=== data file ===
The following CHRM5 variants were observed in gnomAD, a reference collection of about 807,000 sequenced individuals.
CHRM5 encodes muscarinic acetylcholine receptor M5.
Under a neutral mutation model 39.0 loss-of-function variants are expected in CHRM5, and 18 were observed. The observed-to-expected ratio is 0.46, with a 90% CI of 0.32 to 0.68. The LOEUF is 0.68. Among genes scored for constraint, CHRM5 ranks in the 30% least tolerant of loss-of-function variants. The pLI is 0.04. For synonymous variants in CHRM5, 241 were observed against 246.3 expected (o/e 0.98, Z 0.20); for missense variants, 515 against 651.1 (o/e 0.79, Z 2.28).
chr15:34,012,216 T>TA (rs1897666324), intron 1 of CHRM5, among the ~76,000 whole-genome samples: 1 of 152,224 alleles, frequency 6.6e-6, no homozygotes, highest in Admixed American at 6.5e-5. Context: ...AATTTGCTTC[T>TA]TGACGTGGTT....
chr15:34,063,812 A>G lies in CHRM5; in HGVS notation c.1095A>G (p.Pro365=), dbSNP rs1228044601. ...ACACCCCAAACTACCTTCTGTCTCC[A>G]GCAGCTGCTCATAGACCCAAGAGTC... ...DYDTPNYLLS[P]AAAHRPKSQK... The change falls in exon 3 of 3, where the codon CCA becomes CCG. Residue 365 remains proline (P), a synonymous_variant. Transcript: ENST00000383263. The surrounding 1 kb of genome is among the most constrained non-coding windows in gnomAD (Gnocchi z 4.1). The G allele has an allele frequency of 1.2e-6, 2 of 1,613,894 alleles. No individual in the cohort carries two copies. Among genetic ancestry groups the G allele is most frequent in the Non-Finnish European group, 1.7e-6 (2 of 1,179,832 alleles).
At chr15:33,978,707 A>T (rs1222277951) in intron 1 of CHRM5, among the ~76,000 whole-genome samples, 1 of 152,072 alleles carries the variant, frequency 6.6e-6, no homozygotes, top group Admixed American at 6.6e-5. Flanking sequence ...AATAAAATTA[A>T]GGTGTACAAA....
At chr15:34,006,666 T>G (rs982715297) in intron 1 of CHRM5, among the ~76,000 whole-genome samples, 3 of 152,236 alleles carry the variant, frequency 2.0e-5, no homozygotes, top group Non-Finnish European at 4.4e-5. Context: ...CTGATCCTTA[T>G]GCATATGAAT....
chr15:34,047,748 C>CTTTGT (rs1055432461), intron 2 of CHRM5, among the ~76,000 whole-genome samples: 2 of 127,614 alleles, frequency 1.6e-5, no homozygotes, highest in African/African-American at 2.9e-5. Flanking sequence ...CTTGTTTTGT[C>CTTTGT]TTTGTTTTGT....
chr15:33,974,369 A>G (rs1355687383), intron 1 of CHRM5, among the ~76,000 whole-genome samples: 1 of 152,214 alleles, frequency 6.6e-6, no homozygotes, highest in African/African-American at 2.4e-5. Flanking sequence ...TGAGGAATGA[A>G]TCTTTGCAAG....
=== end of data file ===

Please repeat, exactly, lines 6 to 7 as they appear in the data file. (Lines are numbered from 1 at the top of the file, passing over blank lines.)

At chr15:33,978,707 A>T (rs1222277951) in intron 1 of CHRM5, among the ~76,000 whole-genome samples, 1 of 152,072 alleles carries the variant, frequency 6.6e-6, no homozygotes, top group Admixed American at 6.6e-5. Flanking sequence ...AATAAAATTA[A>T]GGTGTACAAA....
At chr15:34,006,666 T>G (rs982715297) in intron 1 of CHRM5, among the ~76,000 whole-genome samples, 3 of 152,236 alleles carry the variant, frequency 2.0e-5, no homozygotes, top group Non-Finnish European at 4.4e-5. Context: ...CTGATCCTTA[T>G]GCATATGAAT....